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The AAPG/Datapages Combined Publications Database

AAPG Bulletin


Volume: 54 (1970)

Issue: 3. (March)

First Page: 428

Last Page: 438

Title: Comparison of Hydrocarbon Distributions in Crude Oils and Shales from Moonie Field, Queensland, Australia

Author(s): R. T. Mathews (2), B. J. Burns (2), R. B. Johns (3)


The oil of the Lower Jurassic Moonie field, Queensland, is thought by some workers to be derived from underlying marine Permian rocks and by others to be derived from overlying freshwater Lower Jurassic shales. In this study, the detailed distributions of hydrocarbons in the crude oils from the two productive zones of the field are compared with each other and with the distributions in solvent extracts from three samples of a freshwater shale unit which separates the two reservoir sandstones of the field. The C13/C12 ratios of the oils and the sulfur content of the oils, the shales, and the shale extracts also were determined.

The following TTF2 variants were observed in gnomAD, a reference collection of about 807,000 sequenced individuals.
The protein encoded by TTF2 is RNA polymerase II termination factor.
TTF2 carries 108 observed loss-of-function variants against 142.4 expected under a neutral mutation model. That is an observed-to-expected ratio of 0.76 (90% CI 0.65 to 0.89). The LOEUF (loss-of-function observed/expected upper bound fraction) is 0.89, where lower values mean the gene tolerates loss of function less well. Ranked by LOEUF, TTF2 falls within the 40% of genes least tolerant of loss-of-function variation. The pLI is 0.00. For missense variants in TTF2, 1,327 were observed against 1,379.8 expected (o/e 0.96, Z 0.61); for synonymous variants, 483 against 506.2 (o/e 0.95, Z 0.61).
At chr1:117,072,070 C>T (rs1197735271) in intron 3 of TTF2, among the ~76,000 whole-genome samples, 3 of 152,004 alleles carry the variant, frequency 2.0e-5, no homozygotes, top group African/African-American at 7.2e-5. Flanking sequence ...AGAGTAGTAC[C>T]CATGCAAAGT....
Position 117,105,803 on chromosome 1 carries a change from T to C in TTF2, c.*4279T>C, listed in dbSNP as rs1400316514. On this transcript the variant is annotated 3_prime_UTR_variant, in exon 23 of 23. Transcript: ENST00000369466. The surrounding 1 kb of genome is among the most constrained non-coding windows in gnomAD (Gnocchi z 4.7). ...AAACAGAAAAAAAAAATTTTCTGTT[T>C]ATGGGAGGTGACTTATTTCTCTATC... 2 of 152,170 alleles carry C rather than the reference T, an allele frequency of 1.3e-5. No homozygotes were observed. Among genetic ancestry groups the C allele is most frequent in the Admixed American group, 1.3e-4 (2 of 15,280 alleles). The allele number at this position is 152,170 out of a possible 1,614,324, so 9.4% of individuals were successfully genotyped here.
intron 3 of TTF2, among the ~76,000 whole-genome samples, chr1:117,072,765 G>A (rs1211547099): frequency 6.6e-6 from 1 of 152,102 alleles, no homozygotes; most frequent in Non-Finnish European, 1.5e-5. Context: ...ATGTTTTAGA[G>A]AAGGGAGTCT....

The two crudes are very similar except in n-alkane distribution; this difference is attributed tentatively to "separation-migration" as described by Silverman. Two of the shale samples show good correlation with each other, but the third (stratigraphically between the other two) has a higher maximum in the n-alkanes. The difference might be caused by variation in the ratio of land-plant to aquatic material in the organic residues supplied to the sediment.

Comparisons of hydrocarbon distribution between oils and shales show that shale with a hydrocarbon content similar to that of the upper and lower samples could have been the source of the Moonie oils. However, it is not certain how closely these two samples represent most of the Lower Jurassic shales.

Sulfur content of oils, shales, and shale extracts is negligible. The C13/C12 ratios of the two oils are identical and are in the marine range; this fact conflicts with the possibility of derivation from the nonmarine rocks.

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